Update: Here's a useful map of gained/lost congressional seats nationwide. South Carolina, Georgia, Florida, Texas, Arizona, Utah, Nevada, and Washington State gained seats.
Lousiana, Missouri, Iowa, Illonois, Michigan, Ohio, Pennsylvania, New York, Massachusetts, and New Jersey lost seats.
A Draconian Harassment Policy of Her Own
Posted by Jay Schalin at 11:24 AM
After I wrote a story about Duke’s party culture last week,
in which I identified the Duke Women’s Center as the source of lots of “selfish
hedonism” propaganda, I received an email from somebody who reminded me that
the Women’s Center has been involved in several other recent flaps. For one,
the Center initially
refused to include the school’s pro-life organization—Duke Students for
Life—at an event named, weirdly enough, the “Week for Life.” The Women’s Center
relented only after the Foundation for Individual Rights in Education contacted them and helped the D.S.F.L launch a campaign to
publicize this blatantly political exclusion.
Additionally, my informant told me that the Women’s Center
is also behind Duke’s absurdly severe (and likely illegal) sexual harassment
policy, in which "perceived power differentials may create an
unintentional atmosphere of coercion." In other words, in the example
provided in this F.I.R.E.
report, a member of the men’s basketball team, whose championship athletic team
status renders him “powerful” on campus, can be considered guilty of
“non-consensual sex” if he dallies with a Dukette, even if she was the
aggressor. (F.I.R.E's still working on this one.)
When parents were parents
Posted by David N. Bass at 10:45 AM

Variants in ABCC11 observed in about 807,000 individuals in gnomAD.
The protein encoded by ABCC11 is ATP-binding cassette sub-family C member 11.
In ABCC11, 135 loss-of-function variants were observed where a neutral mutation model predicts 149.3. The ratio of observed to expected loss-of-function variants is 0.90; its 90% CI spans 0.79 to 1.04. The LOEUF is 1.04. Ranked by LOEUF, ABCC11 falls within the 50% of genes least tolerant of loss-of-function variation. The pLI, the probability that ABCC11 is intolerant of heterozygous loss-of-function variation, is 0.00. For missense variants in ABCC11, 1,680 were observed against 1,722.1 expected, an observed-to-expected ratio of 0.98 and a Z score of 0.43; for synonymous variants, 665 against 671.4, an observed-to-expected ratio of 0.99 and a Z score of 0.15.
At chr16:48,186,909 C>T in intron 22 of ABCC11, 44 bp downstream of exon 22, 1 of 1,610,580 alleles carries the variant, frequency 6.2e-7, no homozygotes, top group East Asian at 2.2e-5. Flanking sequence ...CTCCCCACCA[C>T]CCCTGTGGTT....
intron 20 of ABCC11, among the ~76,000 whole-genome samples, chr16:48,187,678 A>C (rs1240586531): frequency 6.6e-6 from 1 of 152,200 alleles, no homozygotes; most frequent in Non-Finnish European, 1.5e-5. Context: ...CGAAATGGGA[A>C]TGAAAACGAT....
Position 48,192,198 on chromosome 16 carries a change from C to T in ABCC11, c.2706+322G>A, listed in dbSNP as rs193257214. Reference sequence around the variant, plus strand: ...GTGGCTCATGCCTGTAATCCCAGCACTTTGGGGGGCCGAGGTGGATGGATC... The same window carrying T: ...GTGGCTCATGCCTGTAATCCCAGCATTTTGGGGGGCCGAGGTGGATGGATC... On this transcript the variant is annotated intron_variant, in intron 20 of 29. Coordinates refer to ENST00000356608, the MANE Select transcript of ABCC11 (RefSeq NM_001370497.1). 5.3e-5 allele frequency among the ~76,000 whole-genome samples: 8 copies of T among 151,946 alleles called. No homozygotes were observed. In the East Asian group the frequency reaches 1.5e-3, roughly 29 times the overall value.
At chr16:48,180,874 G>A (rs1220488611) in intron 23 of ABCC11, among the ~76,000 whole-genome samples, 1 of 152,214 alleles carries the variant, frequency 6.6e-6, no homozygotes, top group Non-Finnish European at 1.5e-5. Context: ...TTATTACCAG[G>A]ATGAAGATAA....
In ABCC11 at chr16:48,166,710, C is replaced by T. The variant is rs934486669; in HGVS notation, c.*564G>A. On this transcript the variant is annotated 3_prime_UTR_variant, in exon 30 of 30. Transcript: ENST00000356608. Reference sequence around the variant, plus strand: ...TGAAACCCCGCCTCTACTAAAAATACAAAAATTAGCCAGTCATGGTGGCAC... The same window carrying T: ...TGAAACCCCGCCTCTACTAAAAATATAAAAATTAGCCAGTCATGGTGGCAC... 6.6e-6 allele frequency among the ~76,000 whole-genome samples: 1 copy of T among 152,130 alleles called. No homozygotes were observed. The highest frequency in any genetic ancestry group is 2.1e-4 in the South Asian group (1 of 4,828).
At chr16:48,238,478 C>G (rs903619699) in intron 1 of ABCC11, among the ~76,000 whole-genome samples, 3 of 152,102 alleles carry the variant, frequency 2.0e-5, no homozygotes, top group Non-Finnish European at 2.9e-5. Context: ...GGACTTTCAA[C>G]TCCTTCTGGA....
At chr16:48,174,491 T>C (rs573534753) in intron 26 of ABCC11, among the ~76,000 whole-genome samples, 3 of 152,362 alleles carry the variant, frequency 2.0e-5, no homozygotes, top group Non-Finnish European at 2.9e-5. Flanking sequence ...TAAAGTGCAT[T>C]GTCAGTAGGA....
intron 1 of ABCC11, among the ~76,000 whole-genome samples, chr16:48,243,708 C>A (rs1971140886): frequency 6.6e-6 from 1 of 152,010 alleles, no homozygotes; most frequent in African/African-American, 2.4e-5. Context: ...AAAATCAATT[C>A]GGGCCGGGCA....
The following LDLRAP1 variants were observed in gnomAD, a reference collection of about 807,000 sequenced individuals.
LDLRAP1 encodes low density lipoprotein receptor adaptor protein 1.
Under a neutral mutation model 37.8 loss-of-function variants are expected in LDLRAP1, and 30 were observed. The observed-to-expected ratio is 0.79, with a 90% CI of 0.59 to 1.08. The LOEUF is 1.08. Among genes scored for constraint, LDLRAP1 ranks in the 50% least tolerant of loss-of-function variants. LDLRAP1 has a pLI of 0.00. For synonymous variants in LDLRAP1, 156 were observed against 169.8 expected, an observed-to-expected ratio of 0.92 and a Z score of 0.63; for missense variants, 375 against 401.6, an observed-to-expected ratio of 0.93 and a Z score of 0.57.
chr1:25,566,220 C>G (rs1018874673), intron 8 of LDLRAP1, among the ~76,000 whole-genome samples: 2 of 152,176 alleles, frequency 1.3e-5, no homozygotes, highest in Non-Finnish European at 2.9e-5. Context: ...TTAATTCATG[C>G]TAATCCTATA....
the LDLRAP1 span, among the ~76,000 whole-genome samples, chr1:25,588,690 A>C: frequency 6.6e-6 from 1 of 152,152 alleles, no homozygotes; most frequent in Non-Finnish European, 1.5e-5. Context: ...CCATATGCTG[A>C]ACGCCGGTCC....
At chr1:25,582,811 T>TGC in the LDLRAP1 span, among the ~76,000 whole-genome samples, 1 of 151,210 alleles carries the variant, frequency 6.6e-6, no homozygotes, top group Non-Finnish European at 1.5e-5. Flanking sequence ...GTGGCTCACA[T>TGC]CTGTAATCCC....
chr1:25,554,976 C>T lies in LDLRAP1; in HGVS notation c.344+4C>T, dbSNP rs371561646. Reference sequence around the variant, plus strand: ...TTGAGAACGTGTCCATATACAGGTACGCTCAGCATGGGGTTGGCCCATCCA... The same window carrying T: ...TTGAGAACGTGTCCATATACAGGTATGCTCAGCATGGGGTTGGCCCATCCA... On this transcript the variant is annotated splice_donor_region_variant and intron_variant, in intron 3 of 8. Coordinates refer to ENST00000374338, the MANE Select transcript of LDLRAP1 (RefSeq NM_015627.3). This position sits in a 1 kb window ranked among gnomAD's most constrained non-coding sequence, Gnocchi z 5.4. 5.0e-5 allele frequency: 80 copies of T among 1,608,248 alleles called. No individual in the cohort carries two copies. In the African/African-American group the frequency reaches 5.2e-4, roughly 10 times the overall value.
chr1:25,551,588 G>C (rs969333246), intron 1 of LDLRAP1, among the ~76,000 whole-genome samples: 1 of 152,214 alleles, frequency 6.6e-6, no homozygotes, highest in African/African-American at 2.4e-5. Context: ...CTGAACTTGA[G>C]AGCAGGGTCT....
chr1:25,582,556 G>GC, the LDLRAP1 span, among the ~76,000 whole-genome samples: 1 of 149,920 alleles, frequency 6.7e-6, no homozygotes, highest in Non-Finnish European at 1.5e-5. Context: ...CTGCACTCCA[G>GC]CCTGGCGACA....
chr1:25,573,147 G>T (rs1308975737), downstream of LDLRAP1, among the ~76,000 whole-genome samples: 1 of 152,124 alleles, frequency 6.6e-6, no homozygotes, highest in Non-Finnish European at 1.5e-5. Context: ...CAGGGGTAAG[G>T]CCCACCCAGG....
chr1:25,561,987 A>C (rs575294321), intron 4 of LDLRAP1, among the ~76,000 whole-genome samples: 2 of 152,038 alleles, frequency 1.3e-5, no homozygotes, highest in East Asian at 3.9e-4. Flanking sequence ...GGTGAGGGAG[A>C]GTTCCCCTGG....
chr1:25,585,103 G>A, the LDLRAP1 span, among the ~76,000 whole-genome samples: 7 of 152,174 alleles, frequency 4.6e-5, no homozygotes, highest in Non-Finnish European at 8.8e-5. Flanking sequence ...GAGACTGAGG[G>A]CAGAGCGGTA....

Remember the days when parents, rather than the government, were responsible for packing lunch for their kids? I don’t, but that’s because I’m a member of Generation Y, and the only federal government I’ve known is the nanny state one. But I’ve heard tell that in days of yore, parents were parents.
That truth came to mind again when I read this article in The Washington Post, which discusses five myths surrounding federally subsidized nutrition programs in public schools. One of those myths, according to WaPo: “Most students who don’t participate in the National School Lunch Program eat a healthy lunch brought from home”:
Even if eligibility for free lunch is problematic, students can always brown-bag it, right? That's not what I've seen in school cafeterias across the country.
In the USDA's most recent comprehensive study of school food, 62 percent of students chose the school lunch and about 10 percent of the students brought lunch from home on the day being surveyed.
What happened to everyone else? Some did not eat lunch (4 percent of elementary students and 8 percent of high school students). Others bought food from a la carte options in the cafeteria, left the campus to purchase food, or bought from vending machines or school stores.
That means one-in-ten parents packed a lunch for their kids — and maybe less if the kids packed the lunch for themselves.